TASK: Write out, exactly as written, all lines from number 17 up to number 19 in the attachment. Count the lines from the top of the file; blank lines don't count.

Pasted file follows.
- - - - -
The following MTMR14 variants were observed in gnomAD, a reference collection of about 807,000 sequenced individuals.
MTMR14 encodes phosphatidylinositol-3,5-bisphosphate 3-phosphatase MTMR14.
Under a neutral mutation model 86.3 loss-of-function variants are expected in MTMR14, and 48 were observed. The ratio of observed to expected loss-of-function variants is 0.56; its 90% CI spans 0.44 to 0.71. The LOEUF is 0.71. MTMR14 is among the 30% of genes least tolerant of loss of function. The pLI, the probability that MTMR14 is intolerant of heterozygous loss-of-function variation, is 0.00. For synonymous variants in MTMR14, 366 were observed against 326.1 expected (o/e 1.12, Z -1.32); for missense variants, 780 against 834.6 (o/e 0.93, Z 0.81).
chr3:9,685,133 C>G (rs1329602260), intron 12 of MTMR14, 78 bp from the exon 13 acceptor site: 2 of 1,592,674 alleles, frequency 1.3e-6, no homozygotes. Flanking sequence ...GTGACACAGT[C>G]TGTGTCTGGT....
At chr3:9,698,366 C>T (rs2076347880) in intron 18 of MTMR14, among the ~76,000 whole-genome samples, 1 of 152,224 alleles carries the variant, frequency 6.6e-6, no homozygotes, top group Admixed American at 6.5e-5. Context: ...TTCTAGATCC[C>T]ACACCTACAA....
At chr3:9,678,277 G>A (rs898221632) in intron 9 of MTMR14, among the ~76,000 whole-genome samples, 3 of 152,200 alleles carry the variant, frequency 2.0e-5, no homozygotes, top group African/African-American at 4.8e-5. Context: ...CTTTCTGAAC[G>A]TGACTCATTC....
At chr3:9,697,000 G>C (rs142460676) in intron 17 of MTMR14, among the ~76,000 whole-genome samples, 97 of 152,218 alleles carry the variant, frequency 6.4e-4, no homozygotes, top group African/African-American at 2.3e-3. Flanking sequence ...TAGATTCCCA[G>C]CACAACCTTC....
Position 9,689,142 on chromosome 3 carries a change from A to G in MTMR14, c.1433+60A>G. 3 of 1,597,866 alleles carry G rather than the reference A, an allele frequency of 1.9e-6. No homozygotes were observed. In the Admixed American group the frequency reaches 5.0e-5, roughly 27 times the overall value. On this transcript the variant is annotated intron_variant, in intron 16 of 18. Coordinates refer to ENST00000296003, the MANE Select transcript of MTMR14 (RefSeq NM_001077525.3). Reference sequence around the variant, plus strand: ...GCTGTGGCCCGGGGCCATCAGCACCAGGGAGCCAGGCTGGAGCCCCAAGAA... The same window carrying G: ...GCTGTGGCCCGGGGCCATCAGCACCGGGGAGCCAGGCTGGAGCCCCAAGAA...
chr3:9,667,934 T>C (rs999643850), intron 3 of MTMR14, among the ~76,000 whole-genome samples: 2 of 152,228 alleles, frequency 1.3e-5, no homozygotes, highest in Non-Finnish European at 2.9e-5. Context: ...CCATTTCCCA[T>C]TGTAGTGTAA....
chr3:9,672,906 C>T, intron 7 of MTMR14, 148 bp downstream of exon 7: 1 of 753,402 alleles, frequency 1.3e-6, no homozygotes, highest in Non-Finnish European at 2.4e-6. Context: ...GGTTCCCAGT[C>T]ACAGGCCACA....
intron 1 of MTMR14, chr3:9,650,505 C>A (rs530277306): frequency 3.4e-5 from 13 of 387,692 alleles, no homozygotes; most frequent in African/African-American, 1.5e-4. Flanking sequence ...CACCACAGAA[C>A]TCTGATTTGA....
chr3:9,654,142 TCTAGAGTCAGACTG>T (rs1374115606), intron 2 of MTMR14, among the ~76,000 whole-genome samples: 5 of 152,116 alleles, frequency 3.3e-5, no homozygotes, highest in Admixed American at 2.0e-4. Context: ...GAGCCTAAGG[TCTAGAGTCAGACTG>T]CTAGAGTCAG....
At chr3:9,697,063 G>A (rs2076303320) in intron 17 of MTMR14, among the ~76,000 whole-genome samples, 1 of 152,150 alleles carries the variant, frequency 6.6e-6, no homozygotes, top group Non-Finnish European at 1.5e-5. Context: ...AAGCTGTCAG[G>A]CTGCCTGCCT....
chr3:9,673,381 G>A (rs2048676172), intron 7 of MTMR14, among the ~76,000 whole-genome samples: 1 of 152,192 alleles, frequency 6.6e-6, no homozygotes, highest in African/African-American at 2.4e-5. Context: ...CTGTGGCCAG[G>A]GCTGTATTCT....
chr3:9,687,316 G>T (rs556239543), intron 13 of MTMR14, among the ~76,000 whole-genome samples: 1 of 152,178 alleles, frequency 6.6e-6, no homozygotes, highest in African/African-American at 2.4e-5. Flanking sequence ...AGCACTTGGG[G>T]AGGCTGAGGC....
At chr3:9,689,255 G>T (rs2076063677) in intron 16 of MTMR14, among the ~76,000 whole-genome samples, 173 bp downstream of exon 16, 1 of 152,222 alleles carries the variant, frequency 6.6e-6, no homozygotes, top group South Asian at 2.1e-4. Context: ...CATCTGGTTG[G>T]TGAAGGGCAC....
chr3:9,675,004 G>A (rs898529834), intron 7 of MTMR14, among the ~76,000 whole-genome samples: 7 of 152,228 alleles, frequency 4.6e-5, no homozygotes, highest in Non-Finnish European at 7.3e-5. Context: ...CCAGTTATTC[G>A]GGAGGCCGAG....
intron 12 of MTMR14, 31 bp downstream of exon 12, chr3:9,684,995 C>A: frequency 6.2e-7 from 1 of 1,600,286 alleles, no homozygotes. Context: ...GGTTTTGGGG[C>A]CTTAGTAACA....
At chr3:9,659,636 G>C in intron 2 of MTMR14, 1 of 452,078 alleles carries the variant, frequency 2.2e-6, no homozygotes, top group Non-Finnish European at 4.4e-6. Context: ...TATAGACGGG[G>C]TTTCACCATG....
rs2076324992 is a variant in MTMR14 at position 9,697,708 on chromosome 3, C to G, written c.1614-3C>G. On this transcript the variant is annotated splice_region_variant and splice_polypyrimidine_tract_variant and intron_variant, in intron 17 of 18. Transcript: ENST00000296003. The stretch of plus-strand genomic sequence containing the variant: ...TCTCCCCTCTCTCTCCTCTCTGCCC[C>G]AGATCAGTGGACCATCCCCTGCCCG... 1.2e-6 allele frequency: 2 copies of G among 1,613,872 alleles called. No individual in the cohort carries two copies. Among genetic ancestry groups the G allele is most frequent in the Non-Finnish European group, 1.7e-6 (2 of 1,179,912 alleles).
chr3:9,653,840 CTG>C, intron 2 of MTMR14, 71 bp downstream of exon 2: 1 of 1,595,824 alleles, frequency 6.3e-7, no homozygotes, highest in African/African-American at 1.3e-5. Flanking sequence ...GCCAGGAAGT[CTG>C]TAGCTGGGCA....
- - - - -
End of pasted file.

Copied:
chr3:9,675,004 G>A (rs898529834), intron 7 of MTMR14, among the ~76,000 whole-genome samples: 7 of 152,228 alleles, frequency 4.6e-5, no homozygotes, highest in Non-Finnish European at 7.3e-5. Context: ...CCAGTTATTC[G>A]GGAGGCCGAG....
intron 12 of MTMR14, 31 bp downstream of exon 12, chr3:9,684,995 C>A: frequency 6.2e-7 from 1 of 1,600,286 alleles, no homozygotes. Context: ...GGTTTTGGGG[C>A]CTTAGTAACA....
At chr3:9,659,636 G>C in intron 2 of MTMR14, 1 of 452,078 alleles carries the variant, frequency 2.2e-6, no homozygotes, top group Non-Finnish European at 4.4e-6. Context: ...TATAGACGGG[G>C]TTTCACCATG....